Some helpful advice for skeptics and journalists

Not from me, but from Daniel Loxton of Skepticblog, who has been doing some thinking about what skeptics can learn from James Randi's missteps on climate science. His advice is bound to rankle the feathers of those who are innately distrustful of everyone and everything associated with "conventional wisdom," "expert consensus," or "recognized experts." But for the those who fancy themselves dragon-slayers of pseudoscience, it serves as a valuable reality check.

To begin, Loxton reminds us that "If we're serious about our science-based epistemology, we must be prepared to consistently defer to scientific consensus."

Why? Because:

The simple truth is that many skeptics have limited scientific qualifications. Yes, of course, there are towering, world-class scientists in the skeptical camp. But most skeptics are not working scientists.
...
That combination of stated commitment to science, limited qualifications, and weighty ethical responsibilities (as when we comment on medicine) place a very high due diligence burden upon skeptics.

Like Hoxton, I frequently equate good skepticism with good journalism. Neither avocation should be concerned with presenting "balance" as an end in of itself. Rather the goal is to shed light on mystery. If you're not an expert in the field, you have turn to those who are expert in search of answers. We have no option but to defer to others. So the trick (to use a frequently misunderstood term), is figuring out who qualifies as an expert. And if there is a "consensus" available, then you pretty well have to respect it.

Hoxton goes on to lay down some rules that he suggests should govern how skeptics approach debates concerning science. Here's a quick precis:

1. Where both scientific domain expertise and expert consensus exist...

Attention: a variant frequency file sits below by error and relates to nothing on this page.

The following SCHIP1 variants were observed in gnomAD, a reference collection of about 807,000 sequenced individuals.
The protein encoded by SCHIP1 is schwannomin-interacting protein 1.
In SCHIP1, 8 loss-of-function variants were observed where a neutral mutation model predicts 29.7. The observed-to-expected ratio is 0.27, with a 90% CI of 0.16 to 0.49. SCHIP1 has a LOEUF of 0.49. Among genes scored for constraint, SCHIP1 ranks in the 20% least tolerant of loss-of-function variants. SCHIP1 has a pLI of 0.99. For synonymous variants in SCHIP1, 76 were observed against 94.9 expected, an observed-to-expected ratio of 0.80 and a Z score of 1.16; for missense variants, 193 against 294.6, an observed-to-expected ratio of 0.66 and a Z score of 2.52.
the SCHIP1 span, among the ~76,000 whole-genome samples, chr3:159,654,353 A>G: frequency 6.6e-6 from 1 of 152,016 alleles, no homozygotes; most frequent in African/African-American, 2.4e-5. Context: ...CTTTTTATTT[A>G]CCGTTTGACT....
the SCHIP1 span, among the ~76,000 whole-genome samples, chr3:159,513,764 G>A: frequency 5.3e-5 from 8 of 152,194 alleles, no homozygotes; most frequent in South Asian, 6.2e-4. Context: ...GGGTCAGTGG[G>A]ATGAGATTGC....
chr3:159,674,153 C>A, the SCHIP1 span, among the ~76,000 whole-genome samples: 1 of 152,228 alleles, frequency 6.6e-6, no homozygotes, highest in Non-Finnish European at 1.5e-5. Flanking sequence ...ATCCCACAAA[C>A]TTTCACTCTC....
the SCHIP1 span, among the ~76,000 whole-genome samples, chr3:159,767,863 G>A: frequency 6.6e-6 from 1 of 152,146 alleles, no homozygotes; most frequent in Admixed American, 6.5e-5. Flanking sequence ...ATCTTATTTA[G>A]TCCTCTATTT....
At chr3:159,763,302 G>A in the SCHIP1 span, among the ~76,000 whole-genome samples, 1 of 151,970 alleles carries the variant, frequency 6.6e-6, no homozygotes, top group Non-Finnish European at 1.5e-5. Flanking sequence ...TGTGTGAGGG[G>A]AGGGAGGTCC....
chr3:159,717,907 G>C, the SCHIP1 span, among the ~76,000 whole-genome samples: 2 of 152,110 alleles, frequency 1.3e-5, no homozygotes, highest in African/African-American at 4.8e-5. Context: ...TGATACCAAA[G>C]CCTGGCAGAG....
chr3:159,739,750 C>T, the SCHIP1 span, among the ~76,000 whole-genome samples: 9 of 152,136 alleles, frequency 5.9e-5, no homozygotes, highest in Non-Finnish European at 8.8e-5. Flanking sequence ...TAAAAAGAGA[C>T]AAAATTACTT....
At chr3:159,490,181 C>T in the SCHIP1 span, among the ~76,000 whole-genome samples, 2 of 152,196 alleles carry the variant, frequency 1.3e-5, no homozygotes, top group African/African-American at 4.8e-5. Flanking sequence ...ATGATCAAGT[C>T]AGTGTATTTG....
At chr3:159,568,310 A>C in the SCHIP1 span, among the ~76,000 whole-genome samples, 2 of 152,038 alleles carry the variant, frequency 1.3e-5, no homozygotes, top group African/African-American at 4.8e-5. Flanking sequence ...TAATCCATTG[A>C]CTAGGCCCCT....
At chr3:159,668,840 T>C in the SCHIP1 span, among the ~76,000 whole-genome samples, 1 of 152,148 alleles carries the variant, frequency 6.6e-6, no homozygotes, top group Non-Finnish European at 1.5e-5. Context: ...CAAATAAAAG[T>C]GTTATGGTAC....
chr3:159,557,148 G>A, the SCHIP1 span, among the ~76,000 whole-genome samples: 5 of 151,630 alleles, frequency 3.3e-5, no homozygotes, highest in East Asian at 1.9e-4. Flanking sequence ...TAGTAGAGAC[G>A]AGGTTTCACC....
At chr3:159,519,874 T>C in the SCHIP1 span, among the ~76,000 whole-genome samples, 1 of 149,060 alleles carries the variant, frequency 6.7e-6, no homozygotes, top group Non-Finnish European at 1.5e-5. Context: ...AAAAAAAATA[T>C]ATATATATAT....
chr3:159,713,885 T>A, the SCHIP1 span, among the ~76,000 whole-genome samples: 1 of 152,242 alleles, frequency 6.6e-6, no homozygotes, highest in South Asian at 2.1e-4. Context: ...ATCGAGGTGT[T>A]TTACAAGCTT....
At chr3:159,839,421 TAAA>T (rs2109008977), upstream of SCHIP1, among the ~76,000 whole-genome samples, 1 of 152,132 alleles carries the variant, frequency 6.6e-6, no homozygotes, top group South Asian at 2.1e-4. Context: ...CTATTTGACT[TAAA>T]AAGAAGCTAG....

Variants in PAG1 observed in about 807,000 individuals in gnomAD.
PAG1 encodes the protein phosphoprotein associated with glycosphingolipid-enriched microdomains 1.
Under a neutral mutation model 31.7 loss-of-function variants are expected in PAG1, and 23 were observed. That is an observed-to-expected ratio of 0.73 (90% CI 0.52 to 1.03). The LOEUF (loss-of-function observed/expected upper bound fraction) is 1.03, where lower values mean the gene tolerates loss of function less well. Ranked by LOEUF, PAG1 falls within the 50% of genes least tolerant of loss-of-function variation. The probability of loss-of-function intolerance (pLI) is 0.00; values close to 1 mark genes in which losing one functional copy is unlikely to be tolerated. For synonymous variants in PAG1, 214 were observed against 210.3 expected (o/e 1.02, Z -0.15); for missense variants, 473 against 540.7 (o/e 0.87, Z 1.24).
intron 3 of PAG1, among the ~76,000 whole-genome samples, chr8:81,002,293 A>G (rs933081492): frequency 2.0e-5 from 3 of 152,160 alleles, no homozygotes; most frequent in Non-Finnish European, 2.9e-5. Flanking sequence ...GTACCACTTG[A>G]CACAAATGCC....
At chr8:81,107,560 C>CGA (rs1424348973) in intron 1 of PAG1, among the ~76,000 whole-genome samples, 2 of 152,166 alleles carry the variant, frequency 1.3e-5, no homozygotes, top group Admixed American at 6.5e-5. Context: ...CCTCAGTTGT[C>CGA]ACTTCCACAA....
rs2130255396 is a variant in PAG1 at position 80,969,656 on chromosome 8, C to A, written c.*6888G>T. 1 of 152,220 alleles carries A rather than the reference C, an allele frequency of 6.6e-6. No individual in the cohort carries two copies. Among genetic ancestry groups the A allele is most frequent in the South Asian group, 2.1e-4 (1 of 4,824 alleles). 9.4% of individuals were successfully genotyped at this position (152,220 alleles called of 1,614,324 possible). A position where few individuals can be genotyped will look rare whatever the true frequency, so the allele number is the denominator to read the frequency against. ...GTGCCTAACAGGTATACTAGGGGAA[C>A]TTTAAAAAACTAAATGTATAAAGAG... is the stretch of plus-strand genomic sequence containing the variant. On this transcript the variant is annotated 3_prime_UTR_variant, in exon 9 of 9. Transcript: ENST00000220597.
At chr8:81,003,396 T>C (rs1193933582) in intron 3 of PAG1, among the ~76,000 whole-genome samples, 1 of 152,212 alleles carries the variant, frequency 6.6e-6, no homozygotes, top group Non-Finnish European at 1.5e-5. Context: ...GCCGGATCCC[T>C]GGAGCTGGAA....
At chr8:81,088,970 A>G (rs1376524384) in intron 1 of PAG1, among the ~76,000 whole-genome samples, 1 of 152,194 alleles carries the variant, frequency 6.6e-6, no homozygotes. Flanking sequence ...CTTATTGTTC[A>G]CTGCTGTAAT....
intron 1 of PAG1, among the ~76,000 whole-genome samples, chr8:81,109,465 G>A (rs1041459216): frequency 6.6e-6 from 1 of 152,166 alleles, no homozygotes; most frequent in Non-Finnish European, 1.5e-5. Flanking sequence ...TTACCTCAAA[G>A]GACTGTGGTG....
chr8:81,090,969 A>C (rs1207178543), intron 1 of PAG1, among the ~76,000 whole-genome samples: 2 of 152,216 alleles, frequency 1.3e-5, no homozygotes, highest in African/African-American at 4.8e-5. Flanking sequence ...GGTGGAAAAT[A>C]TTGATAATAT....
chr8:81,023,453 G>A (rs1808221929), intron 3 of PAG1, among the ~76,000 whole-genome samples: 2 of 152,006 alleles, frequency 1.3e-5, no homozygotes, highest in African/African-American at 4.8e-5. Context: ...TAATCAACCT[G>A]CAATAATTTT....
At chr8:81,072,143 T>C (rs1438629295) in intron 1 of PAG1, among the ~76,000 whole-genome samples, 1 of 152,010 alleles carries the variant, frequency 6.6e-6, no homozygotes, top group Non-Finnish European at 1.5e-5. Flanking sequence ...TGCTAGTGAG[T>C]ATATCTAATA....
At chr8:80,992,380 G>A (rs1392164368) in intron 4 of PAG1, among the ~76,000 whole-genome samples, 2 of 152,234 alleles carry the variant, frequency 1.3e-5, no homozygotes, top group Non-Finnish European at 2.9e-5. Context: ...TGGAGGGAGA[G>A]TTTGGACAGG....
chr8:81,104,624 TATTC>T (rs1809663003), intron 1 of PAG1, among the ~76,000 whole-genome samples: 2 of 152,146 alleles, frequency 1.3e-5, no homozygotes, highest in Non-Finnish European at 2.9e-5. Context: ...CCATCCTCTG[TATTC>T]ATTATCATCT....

Unfortunately, some lay skeptics have the idea that general critical thinking skills qualify them to critique professional science even in the face of wide agreement among domain experts. I submit that this is hubris -- and almost always a mistake. (It is also the exact argument that sustains anti-vaccine activism, creationism, and other fringe positions whose examples we might wish to avoid.)

2. Where scientific domain expertise exists, but not consensus...

...we cannot, as laypeople, responsibly wade into an area in which we are not expert and expect to settle expert controversies.

3. Where scientific domain expertise and consensus exist, but also a denier movement or pseudoscientific fringe...

On the straight science component, we are obligated to defer to the current state of the science. On the pseudoscience component, we are often able to make a contribution in our capacity as the best available experts.

Of course, the first two points require that we first determine whether a consensus among the experts actually exists. This can sometimes be challenging. Just where is the dividing line between a tiny minority of ostensibly qualified dissenters (as in the case in the anthropogenic global warming) and a small but significant community of genuine experts who are making valuable contributions by challenging the majority view?

It's not a black and white universe. Yesterday's expert can become today's crank. Take the example of Steve McIntyre, whose analysis of the statistical foundation of Michael Mann's original "hockey stick" (which illustrates the unprecedented warming of the last milennia) led to improvements in later versions of the graph. McIntyre's efforts did nothing to undermine the scientific consensus on climate change. If anything, they resulted in a slightly more robust way to treat the temperature record. One of the world's leading authorities on climate change, Judith Curry, even thought McIntyre's blog reputable enough to post a thoughtful essay on the stolen CRU email affair.

Yet many other climatologists consider McIntyre an annoyance who misrepresents and distorts the science of climate change. A review of his blog seems to provide plenty of evidence in support of that interpretation, what with myriad uncritical links to posts from pseudokeptics like Terence Corcoran and Larry Solomon, and easily discredited stories like the one about the Russian temperature data that the Hadley Center allegedly tampered with.

My own experience is perhaps instructive. After more than a decade as a working journalist specializing in the sciences, I feared I just didn't know what I was writing about. I never came across anything I had written that was flat out wrong. but I wasn't confident I had found the right sources or approached my articles correctly. Eventually, I found it necessary to go back to school for another degree -- just an undergrad -- to improve my ability to make those kind of judgment calls.